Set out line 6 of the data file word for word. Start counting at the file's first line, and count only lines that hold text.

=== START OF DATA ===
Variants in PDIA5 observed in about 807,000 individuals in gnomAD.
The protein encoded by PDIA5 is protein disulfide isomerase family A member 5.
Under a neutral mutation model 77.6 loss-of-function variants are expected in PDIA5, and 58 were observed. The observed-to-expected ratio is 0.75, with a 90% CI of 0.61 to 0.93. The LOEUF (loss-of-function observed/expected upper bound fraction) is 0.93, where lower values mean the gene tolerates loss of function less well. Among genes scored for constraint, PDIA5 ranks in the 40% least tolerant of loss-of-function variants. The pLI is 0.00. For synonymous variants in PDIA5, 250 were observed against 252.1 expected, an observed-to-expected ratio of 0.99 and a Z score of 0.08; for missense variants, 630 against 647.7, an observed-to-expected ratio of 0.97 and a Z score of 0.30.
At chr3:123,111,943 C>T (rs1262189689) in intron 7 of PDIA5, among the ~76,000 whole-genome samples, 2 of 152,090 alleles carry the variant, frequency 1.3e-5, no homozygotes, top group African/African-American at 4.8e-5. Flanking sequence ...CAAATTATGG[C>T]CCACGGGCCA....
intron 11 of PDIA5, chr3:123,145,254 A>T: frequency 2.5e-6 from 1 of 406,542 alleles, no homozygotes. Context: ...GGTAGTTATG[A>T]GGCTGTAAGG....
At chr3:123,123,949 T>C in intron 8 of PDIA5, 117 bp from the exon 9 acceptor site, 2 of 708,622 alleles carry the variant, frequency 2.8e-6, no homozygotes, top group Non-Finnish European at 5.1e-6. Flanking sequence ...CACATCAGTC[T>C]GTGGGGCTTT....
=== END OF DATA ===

At chr3:123,123,949 T>C in intron 8 of PDIA5, 117 bp from the exon 9 acceptor site, 2 of 708,622 alleles carry the variant, frequency 2.8e-6, no homozygotes, top group Non-Finnish European at 5.1e-6. Flanking sequence ...CACATCAGTC[T>C]GTGGGGCTTT....